Tanycyte and Neuronal Communication in the Hypothalamus. Ruth Britton; Supervisor: Nicholas Dale. Introduction. Objectives and Methods.
Tanycyte and Neuronal Communication in the
Ruth Britton; Supervisor: Nicholas Dale
Objectives and Methods
Tanycytes are cells located in a layer in the floor of the third ventricle of the brain, with a single long process each extending into the hypothalamus. Their role is to allow communication between the blood and the neurons of the brain. They are involved in the control of feeding and sleeping cycles. The cells are found in the layer of the rat brain shown in figure 1.
The aims of this project were to stimulate tanycytes with a variety of stimuli and record the responses via calcium release levels. This was was carried out by using fluorescent dye Fura-2. This binds to free intracellular calcium and is excited at 340 and 380nm. The fluorescence can be measured and this directly correlates to a ratio of calcium present. Software was used to view the changing cellular images as the experiments were carried out. Responses from neurons located in the hypothalamus where also studied to show any communication between the two cell types.
Tanycytes have been shown to release ATP in response to stimuli and are thought to communicate with neurons within the hypothalamus to initiate responses to these stimuli
400µm rat brain slices were used of the areas near the median eminence where the tanycytes are found. The cells were loaded with Fura-2 for 1hour 45 minutes and then studied under the microscope under UV light to visualise the fluorescence. The solutions for cell stimulation were loaded into small glass pipettes that were positioned and then the solution was puffed at the tanycyte layer for between 200 and 400 m/s. A photograph was taken down the microscope view every 2 seconds to record the cell responses.
Tanycyte cell body
(Image from Nature.com)
Figure 2: tanycyte layer dyed with fluorescent Fura-2
Saline was used as a control to test whether just mechanical stimulation affected the tanycytes. 300mM glucose was used to determine whether this is the cause of the responses in natural feeding cycles where blood glucose levels would be monitored.
No responses were seen with the saline control stimulus:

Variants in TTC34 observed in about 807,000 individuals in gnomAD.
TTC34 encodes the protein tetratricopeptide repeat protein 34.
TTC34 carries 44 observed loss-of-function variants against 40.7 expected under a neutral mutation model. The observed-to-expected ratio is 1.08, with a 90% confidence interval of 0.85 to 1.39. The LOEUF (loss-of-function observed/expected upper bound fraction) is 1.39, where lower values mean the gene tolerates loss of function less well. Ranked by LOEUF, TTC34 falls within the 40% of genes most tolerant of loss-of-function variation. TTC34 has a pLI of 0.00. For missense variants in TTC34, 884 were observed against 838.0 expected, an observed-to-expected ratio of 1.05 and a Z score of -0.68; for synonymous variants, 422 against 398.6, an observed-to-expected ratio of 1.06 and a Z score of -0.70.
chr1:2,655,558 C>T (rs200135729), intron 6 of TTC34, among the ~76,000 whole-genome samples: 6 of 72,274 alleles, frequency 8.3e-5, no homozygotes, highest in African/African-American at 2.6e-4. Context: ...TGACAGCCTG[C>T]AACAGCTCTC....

The tanycytes responded to the 300mM glucose solution quite frequently and not to the saline control. Occasional responses in neurons were seen but more research is needed to determine the communication links between the tanycytes and neurons in response to the stimuli. A chi squared test shows that there is significant difference between the numbers of responses to the glucose versus the control. Chi squared value was 8.597 which means p<0.01 so glucose response is significantly different from saline control.
The following figures show the tanycyte layer responses to glucose. The red fluorescence shows an increase in calcium, during the cellular response. The responses are very quick; these images are 2 seconds apart and the cells rapidly returned to the normal fluorescence and so calcium levels.
The results gained in this project prompt further research into the glucose responses compared with other control solutions to determine if other stimuli cause the same reactions from the tanycytes.
The neurons must further be studied to examine the communication between the tanycyte response and the neuron activity as not enough data were collected in this area to draw conclusions.
Image :1 2 3 4 5
Seconds: 528 530 532 534 536
Taking part in this vacation scholarship project has allowed me to gain a true insight into the environment and experience of working in a research lab. I have gained many skills I would not have learnt at an undergraduate level that are both transferable to other work, such as independent practical work and some unique to this type of laboratory work. This experience has offered an insight to real scientific research thus helping in decisions about my post-graduate plans.
Graph of fluorescence against time, showing an example of many responses to glucose (peaks) in one experiment. Each response gave cell response sequences similar to those shown above in images 1-5.
This project was funded by the Wellcome Trust